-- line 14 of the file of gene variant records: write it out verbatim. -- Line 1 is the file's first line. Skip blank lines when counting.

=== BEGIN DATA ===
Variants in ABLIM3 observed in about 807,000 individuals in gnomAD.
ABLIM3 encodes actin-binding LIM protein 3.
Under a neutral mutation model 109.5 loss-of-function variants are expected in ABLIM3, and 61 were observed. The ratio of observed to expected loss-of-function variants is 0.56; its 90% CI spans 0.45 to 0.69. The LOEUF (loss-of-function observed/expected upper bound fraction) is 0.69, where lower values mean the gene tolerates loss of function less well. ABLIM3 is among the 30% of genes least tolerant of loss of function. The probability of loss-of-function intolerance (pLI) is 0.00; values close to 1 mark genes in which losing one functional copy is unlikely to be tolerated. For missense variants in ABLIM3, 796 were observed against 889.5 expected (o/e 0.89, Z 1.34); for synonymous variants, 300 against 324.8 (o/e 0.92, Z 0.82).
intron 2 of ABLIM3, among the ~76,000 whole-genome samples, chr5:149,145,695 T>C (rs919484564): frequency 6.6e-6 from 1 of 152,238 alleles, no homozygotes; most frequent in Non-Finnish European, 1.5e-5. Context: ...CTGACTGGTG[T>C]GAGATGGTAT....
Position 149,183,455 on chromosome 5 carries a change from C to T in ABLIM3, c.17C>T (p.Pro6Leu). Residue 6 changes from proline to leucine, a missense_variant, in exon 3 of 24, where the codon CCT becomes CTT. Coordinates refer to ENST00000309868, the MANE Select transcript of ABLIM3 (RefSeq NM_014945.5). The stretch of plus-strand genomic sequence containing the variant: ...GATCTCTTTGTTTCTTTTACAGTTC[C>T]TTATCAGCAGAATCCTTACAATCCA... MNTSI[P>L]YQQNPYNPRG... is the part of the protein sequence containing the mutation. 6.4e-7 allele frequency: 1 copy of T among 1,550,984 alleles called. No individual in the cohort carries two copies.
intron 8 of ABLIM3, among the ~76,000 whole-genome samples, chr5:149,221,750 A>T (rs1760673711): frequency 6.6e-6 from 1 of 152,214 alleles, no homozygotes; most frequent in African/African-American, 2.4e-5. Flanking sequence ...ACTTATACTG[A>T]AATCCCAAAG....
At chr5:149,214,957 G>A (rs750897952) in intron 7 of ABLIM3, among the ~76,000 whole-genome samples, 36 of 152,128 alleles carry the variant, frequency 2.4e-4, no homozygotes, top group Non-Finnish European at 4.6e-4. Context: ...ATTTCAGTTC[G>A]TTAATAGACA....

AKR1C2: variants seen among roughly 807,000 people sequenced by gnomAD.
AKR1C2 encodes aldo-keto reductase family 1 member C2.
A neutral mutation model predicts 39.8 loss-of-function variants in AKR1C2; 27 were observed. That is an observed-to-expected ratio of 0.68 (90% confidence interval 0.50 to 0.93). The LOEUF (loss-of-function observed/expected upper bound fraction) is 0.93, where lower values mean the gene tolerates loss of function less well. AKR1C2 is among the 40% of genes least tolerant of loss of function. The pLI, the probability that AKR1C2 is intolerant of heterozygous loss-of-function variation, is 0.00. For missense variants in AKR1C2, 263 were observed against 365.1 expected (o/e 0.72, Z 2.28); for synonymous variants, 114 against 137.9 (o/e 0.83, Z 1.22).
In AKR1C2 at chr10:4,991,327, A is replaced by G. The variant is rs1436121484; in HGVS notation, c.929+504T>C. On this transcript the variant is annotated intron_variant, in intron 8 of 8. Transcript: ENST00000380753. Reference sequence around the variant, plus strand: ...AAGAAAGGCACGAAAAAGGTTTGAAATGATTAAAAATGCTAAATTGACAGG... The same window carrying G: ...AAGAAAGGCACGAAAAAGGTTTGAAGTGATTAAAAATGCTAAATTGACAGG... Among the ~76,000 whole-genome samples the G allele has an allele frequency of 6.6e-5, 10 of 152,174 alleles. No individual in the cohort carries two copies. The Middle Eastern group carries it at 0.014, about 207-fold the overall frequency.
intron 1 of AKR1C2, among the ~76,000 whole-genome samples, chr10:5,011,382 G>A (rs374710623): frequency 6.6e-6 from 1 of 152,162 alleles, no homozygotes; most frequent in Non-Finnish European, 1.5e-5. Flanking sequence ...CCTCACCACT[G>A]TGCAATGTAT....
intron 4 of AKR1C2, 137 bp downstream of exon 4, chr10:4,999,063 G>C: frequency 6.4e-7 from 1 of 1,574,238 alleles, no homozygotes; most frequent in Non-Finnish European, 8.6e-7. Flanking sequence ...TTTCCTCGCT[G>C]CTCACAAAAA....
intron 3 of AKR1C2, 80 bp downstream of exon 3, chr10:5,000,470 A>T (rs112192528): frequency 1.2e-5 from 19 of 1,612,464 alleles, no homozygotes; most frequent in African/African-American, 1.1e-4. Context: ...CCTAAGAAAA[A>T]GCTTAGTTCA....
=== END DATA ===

intron 3 of AKR1C2, 80 bp downstream of exon 3, chr10:5,000,470 A>T (rs112192528): frequency 1.2e-5 from 19 of 1,612,464 alleles, no homozygotes; most frequent in African/African-American, 1.1e-4. Context: ...CCTAAGAAAA[A>T]GCTTAGTTCA....